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McLaren Applied Technologies on the future of wearables

McLaren Applied Technologies takes wearable technology to the next level

After decades as a favoured topic of futurologists, wearable technology is an idea whose time has come. Smart watches, eyeglass displays and electroluminescent clothing are among the many headline-grabbing devices under development or already in the marketplace. But the most promising applications are those that can offer individuals an insight into their own physiology and behaviour, and then help them use this information to reach their full potential.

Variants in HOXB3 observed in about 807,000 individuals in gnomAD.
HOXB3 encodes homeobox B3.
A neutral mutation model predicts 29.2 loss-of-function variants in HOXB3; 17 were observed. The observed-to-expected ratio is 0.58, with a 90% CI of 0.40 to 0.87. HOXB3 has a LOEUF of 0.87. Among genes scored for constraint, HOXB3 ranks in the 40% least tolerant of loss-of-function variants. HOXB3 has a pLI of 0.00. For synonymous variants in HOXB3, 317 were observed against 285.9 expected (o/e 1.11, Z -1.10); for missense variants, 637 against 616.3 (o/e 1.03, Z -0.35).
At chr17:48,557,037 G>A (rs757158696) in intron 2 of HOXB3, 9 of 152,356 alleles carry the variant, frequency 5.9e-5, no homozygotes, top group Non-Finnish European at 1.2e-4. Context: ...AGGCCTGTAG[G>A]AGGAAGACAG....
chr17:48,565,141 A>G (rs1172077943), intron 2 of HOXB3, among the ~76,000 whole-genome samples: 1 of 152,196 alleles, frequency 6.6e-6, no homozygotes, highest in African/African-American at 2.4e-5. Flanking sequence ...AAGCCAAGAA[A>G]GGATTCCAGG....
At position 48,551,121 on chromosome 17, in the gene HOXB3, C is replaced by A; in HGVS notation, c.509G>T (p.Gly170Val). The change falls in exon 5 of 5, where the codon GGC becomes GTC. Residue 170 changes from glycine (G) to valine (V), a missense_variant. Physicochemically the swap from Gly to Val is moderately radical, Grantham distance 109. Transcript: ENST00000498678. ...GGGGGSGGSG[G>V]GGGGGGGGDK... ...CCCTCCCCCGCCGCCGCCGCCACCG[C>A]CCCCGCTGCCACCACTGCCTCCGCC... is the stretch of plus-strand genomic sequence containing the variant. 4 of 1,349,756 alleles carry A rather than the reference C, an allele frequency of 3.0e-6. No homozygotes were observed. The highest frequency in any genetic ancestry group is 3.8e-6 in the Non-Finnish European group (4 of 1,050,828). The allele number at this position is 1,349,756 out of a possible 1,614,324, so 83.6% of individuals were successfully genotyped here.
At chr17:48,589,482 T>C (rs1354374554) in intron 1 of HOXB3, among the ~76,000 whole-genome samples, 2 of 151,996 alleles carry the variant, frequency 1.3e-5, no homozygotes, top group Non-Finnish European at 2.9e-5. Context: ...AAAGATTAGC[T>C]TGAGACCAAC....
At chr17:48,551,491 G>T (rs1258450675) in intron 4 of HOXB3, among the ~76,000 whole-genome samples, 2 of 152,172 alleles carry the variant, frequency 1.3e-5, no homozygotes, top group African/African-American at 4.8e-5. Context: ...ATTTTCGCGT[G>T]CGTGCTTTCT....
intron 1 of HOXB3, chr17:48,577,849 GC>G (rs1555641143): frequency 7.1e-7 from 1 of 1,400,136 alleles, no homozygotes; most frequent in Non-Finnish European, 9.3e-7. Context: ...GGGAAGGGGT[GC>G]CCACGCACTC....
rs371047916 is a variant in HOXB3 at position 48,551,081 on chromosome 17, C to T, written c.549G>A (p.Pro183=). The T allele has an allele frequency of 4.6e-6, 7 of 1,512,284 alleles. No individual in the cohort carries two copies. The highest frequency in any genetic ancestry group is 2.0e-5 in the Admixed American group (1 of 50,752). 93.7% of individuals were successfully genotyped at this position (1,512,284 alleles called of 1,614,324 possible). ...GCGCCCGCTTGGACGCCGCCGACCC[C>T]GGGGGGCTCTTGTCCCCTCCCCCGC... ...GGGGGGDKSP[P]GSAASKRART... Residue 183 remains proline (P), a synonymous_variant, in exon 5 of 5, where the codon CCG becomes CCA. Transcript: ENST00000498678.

McLaren Applied Technologies (MAT) is developing wearable technology that not only collects personal data in real time, but uses complex analytics to predict future outcomes and make suggestions for lifestyle improvement. All of MAT’s designs are driven by data. By identifying and measuring performance gains, the company is able to create intelligent products that break boundaries in design and deliver new levels of performance. 

A proactive approach

Wearables have already gained widespread acceptance in sport and fitness. Many devices on the market feature heart-rate monitors, GPS location finders and accelerometers, tracking personal data such as distance covered and energy expended. Smartphone apps connected to these devices allow users to record their performance, compare it with others and share it on social media.